Sara Nelson is Simons Postdoctoral Fellow in the School of Public Policy and Global Affairs, and a Fellow with the Intergovernmental Platform on Biodiversity and Ecosystem Services (IPBES). Her research examines the social history and political economy of environmental management and energy transitions, with an emphasis on the politics of environmental valuation and environmental justice. She has a PhD in Geography from the University of Minnesota and a Bachelor of Fine Arts from Tufts University.
Sara’s current research is focused on two areas: the first follows the development of new financial mechanisms for investing in ‘natural infrastructure’ for climate mitigation and adaptation, focusing on forest restoration and fire risk reduction on public lands in California. This research is part of a 5-year (2018-2023) collaborative study of international conservation finance funded by the Social Sciences and Humanities Research Council of Canada (SSHRC) (PI Jessica Dempsey, UBC Geography).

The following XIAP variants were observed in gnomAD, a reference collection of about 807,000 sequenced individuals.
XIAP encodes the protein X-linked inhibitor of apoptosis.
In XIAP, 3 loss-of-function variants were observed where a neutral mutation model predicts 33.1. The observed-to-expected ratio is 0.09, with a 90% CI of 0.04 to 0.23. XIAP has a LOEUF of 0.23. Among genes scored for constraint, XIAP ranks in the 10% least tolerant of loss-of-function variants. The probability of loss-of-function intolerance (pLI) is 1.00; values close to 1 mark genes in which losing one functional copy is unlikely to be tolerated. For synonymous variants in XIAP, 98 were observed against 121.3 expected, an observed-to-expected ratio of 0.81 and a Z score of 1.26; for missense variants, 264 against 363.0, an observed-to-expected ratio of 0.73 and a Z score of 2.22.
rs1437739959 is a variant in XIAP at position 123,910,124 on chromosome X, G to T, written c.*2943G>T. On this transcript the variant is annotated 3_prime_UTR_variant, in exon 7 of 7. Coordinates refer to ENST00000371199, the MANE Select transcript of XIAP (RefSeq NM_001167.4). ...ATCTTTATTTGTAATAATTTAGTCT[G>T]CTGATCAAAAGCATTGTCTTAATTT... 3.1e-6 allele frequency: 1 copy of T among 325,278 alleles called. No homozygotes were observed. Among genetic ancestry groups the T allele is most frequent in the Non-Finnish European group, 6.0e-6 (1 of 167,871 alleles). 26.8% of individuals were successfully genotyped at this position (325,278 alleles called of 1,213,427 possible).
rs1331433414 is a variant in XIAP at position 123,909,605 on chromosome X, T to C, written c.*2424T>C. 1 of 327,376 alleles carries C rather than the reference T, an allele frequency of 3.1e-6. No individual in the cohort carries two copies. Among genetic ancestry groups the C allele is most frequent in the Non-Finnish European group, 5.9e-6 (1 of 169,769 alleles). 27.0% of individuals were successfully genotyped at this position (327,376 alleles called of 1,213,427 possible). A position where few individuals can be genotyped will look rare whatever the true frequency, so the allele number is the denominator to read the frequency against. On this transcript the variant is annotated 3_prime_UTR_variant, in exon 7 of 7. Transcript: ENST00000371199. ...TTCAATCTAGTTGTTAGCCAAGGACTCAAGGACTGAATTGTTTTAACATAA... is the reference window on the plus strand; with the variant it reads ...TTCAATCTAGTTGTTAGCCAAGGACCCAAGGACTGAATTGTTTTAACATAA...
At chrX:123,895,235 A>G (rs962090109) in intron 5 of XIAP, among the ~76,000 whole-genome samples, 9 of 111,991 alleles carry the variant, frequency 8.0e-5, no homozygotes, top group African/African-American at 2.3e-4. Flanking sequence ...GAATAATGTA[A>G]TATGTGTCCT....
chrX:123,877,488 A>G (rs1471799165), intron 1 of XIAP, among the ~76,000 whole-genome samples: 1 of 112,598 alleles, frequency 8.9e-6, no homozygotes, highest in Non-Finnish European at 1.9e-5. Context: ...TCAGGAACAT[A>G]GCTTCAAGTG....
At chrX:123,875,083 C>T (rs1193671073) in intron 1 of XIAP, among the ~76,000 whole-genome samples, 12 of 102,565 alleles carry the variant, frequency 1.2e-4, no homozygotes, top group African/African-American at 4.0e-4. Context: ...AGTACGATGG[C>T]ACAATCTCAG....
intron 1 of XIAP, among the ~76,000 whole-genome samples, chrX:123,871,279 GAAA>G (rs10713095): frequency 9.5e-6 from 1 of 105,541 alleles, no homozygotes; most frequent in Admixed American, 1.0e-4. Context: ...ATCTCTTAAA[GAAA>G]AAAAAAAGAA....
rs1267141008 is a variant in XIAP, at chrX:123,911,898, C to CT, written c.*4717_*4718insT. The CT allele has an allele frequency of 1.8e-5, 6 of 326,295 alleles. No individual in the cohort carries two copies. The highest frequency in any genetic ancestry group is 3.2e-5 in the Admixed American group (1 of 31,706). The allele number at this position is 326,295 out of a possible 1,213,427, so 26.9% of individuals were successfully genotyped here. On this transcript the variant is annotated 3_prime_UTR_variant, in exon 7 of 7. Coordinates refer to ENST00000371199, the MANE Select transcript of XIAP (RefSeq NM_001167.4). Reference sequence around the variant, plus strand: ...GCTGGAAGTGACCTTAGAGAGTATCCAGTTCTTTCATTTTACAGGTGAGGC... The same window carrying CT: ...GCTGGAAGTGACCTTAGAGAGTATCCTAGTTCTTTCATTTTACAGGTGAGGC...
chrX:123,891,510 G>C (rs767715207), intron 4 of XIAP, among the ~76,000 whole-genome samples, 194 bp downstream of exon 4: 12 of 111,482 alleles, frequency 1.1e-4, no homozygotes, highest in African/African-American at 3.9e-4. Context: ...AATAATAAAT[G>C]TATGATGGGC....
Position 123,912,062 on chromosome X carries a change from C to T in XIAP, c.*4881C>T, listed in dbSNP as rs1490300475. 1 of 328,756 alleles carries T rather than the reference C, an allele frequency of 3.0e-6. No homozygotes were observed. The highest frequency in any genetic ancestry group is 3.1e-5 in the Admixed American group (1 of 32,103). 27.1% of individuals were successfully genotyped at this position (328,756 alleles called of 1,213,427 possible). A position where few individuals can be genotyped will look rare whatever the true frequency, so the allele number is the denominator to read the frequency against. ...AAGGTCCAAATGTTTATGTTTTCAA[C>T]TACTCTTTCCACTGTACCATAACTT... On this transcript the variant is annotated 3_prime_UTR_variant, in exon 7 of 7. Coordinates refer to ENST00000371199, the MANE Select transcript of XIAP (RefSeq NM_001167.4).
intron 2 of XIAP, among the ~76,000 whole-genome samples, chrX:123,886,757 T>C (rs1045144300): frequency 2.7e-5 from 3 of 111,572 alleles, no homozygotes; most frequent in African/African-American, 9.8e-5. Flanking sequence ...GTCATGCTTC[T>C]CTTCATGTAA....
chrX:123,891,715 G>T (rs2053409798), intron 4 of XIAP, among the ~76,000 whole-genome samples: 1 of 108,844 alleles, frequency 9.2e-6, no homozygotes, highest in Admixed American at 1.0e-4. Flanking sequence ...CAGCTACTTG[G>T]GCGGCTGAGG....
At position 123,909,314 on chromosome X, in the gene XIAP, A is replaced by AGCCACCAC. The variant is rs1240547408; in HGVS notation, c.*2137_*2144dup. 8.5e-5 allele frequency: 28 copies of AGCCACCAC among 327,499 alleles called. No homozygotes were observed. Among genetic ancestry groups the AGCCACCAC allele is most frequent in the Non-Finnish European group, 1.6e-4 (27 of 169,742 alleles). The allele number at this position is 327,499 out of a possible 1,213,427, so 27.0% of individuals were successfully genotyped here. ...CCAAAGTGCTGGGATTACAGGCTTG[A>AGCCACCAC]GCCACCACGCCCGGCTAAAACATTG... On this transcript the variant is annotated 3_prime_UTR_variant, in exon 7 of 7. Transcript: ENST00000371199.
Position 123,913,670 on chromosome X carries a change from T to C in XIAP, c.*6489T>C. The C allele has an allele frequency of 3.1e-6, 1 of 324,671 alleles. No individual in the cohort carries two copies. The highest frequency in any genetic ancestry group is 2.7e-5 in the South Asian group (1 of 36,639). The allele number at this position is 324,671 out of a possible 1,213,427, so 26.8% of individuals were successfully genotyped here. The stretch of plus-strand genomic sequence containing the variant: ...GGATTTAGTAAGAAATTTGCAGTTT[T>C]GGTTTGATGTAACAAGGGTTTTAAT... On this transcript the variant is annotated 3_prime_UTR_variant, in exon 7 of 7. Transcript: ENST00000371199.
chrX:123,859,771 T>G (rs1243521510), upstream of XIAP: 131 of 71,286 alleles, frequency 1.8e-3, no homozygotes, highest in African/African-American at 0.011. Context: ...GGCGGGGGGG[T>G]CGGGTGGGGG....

A second research area centres the political economy of justice in socio-technical transitions. This research focuses on how diverse approaches to funding and financing transitions trajectories have disparate implications for how the benefits and costs of transitions are distributed, who is empowered in decision-making, and what kinds of visions of the future gain purchase. In collaboration with Professor M. V. Ramana, Sara is examining the role of extant industries in shaping discourse and policy around energy transitions, in particular regarding nuclear and biomass energy, and developing a case-study of a negotiated transition away from nuclear energy in San Luis Obispo, California. Other collaborative work looks to affirmative examples of ‘reparative finance’ for furthering environmental justice and climate reparations.
Outside of her academic work, Sara enjoys sewing, dyeing, and other textile arts. Originally from California, she is enthusiastically acquainting herself with the plant communities on the Pacific Northwest coast and can often be found foraging for wild food, medicinals, and dye plants.